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Global Corporations Advocate for tripling of Renewable Power capacity by 2030

In a resounding call for climate action, a consortium of multinational giants, including Amazon, Apple, EY, Google, Huawei, PepsiCo, and Unilever, have issued a compelling joint letter. This letter, expertly coordinated by the esteemed Global Renewables Alliance, is directed at governments participating in the upcoming COP28 Climate Summit. Its central plea? To set forth an ambitious 2030 global renewable power capacity target.

Notably, this visionary letter goes beyond the ordinary. It not only advocates for doubling energy efficiency improvements but boldly calls for a tripling of global renewable power capacity by the turn of the decade in 2030.

What makes this appeal even more impactful is its diverse backing. Alongside corporate giants, it bears the signatures of influential bodies such as the International Renewable Energy Agency (IRENA), the United Nations Industrial Development Organisation, the Climate Group, We Mean Business, and the World Business Council for Sustainable Development. The cherry on top? The endorsement of the COP28 Presidency itself signals the potential transformation of these targets into vital negotiations at the forthcoming Summit in Dubai.

But this call to action transcends industries; it's a unified stance. Major energy suppliers, including Vestas, SSE, ReNew, and Adani, have rallied behind the cause, underscoring its inclusive support.

The letter, launched as this week world leaders convene at the UN General Assembly in New York, argues that a tripling in renewable energy capacity by 2030 would represent a "quantum leap in climate action".

"We, a global group of 250+ organizations, emphatically call for world leaders and Parties to the Paris Agreement to agree on a global target to triple renewable electricity capacity to at least 11,000 GW by 2030 at COP28 this year," the letter states. "We underscore that a step change this decade in renewable energy growth, combined with an increase in energy efficiency, will be the fastest and most cost-efficient way to decarbonize the global economy. It is one of the most impactful commitments that the global community can undertake now to secure a liveable future for all."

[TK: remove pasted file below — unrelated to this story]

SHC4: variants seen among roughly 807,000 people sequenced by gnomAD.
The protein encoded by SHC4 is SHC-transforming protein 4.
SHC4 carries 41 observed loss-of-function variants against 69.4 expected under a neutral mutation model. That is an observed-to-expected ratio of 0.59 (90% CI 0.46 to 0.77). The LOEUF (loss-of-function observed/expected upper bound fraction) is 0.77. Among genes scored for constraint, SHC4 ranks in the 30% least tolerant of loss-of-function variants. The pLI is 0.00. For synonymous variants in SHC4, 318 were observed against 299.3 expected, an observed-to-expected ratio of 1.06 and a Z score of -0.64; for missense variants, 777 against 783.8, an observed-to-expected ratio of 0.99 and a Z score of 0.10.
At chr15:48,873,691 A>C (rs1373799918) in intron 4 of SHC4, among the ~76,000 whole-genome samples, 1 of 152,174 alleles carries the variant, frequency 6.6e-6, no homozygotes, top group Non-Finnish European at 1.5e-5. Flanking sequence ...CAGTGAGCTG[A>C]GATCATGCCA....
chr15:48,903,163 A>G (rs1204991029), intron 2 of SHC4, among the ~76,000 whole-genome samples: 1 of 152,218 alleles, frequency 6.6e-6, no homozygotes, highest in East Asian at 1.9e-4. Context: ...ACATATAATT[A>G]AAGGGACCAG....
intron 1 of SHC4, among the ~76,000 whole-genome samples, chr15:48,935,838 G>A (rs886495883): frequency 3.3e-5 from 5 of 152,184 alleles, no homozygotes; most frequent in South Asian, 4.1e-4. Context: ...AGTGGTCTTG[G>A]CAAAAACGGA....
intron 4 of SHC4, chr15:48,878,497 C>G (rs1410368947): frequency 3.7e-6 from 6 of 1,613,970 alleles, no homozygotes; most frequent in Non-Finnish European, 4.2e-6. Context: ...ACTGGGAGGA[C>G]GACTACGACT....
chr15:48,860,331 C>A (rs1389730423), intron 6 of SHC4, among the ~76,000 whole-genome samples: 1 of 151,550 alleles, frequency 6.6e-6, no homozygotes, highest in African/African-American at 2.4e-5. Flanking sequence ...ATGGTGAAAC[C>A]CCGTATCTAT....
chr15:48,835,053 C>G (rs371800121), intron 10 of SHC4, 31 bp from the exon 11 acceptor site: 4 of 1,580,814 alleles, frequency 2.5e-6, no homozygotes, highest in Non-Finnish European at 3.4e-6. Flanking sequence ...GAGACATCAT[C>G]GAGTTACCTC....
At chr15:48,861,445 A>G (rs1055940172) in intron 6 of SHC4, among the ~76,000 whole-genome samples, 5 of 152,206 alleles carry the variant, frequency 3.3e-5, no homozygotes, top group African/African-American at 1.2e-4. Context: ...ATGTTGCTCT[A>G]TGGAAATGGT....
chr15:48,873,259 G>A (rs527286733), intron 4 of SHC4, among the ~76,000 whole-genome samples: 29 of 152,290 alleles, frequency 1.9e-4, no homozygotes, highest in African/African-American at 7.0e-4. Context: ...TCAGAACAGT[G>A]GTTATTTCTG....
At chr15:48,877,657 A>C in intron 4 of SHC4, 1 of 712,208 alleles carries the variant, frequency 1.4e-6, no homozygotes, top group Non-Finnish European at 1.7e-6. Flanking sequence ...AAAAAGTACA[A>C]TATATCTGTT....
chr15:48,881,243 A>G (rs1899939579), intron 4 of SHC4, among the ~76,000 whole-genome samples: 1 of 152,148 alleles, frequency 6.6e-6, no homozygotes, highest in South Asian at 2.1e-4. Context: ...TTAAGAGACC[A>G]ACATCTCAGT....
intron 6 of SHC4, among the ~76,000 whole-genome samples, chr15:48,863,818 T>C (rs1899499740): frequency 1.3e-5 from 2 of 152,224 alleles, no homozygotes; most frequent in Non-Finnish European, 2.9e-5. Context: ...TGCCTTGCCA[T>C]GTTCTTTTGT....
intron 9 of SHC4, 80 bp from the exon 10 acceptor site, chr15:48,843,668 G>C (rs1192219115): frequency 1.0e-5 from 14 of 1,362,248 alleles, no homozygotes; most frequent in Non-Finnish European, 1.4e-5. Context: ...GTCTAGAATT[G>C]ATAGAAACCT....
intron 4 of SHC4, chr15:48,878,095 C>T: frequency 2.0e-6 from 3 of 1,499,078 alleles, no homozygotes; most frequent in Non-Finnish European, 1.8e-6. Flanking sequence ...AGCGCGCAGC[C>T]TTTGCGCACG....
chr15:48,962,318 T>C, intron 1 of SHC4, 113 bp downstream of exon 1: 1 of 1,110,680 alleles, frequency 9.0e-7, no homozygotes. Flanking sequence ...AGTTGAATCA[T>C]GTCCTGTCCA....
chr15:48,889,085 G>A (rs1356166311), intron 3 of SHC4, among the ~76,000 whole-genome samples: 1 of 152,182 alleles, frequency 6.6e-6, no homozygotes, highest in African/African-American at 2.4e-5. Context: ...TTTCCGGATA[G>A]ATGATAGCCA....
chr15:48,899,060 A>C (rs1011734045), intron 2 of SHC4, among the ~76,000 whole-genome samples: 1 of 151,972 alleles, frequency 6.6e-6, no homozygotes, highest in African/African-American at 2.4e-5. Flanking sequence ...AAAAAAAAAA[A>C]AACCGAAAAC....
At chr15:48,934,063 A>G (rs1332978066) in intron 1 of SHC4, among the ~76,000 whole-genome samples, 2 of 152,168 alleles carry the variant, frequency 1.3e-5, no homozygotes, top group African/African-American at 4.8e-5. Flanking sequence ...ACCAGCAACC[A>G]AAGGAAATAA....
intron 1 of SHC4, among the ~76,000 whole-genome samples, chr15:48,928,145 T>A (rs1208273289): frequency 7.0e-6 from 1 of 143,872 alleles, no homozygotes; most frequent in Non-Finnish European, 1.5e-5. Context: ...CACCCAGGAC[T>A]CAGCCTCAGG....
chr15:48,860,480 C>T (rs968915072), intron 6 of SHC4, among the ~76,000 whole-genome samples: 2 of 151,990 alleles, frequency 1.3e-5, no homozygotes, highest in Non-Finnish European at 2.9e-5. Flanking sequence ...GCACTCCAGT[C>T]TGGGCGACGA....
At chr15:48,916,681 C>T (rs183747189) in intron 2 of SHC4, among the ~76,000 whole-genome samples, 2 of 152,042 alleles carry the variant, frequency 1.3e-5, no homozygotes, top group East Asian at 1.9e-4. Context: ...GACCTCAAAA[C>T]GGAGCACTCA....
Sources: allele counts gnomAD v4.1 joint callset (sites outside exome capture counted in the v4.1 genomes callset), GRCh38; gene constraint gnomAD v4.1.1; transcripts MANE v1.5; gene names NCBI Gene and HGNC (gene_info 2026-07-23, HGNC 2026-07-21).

This is not just a plea; it's a call for transformation. It asserts that a paradigm shift in renewable energy growth and enhanced energy efficiency is the swiftest and most cost-efficient path to decarbonize the global economy. This commitment can profoundly impact our shared future.

Sultan Al-Jaber, the President-Designate of COP28, has positioned tripling renewable power as a cornerstone of his vision for the Dubai Summit, emphasizing how this goal aligns with global climate objectives and emissions reduction.

Francesco La Camero, director-general of IRENA, said the body's data highlighted how tripling renewables capacity would deliver the "course-correction" required to bring decarbonization efforts into line with a 1.5C warming trajectory.

"The business case for renewables has never been stronger," he said. "But we must urgently overcome the systemic barriers across infrastructure, policy, and institutional capabilities in the coming years and build a new energy system that is run on renewables."

To achieve this transformative vision, approximately $4 trillion in annual investment in transition technologies is required—a colossal sum but a necessary one. It's an investment in wind, solar, hydropower, geothermal, and other renewable forms of energy. The Global Renewables Alliance formed just last November at COP27 in Egypt, serves as a unifying force across the renewables sector, encompassing a broad spectrum from solar to green hydrogen.

This visionary letter comes in the wake of reports warning of the world's deviation from its climate and Sustainable Development Goals despite worldwide record-breaking investments in clean technologies. It's a wake-up call from the corporate and environmental titans that we must act decisively to secure a sustainable and livable future for all.


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